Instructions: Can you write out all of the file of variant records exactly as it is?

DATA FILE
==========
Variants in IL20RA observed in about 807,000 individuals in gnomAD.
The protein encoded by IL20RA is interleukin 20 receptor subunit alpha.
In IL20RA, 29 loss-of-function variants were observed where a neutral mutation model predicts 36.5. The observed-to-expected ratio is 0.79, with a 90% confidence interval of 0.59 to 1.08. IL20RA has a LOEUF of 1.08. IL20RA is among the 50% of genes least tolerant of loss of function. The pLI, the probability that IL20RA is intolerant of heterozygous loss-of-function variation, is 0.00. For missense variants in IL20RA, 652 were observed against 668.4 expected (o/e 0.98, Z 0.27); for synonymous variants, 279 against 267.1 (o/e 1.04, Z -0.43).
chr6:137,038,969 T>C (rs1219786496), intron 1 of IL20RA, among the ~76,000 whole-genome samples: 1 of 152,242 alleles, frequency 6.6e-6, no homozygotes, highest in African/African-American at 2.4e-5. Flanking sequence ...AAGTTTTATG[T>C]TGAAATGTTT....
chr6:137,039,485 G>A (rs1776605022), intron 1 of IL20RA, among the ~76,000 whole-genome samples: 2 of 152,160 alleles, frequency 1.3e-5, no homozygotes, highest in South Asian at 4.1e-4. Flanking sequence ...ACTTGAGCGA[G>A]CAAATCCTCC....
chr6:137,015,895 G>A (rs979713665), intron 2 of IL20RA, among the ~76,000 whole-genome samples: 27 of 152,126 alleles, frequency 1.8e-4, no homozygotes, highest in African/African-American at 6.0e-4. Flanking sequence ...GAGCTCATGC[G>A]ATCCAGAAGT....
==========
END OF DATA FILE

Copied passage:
Variants in IL20RA observed in about 807,000 individuals in gnomAD.
The protein encoded by IL20RA is interleukin 20 receptor subunit alpha.
In IL20RA, 29 loss-of-function variants were observed where a neutral mutation model predicts 36.5. The observed-to-expected ratio is 0.79, with a 90% confidence interval of 0.59 to 1.08. IL20RA has a LOEUF of 1.08. IL20RA is among the 50% of genes least tolerant of loss of function. The pLI, the probability that IL20RA is intolerant of heterozygous loss-of-function variation, is 0.00. For missense variants in IL20RA, 652 were observed against 668.4 expected (o/e 0.98, Z 0.27); for synonymous variants, 279 against 267.1 (o/e 1.04, Z -0.43).
chr6:137,038,969 T>C (rs1219786496), intron 1 of IL20RA, among the ~76,000 whole-genome samples: 1 of 152,242 alleles, frequency 6.6e-6, no homozygotes, highest in African/African-American at 2.4e-5. Flanking sequence ...AAGTTTTATG[T>C]TGAAATGTTT....
chr6:137,039,485 G>A (rs1776605022), intron 1 of IL20RA, among the ~76,000 whole-genome samples: 2 of 152,160 alleles, frequency 1.3e-5, no homozygotes, highest in South Asian at 4.1e-4. Flanking sequence ...ACTTGAGCGA[G>A]CAAATCCTCC....
chr6:137,015,895 G>A (rs979713665), intron 2 of IL20RA, among the ~76,000 whole-genome samples: 27 of 152,126 alleles, frequency 1.8e-4, no homozygotes, highest in African/African-American at 6.0e-4. Flanking sequence ...GAGCTCATGC[G>A]ATCCAGAAGT....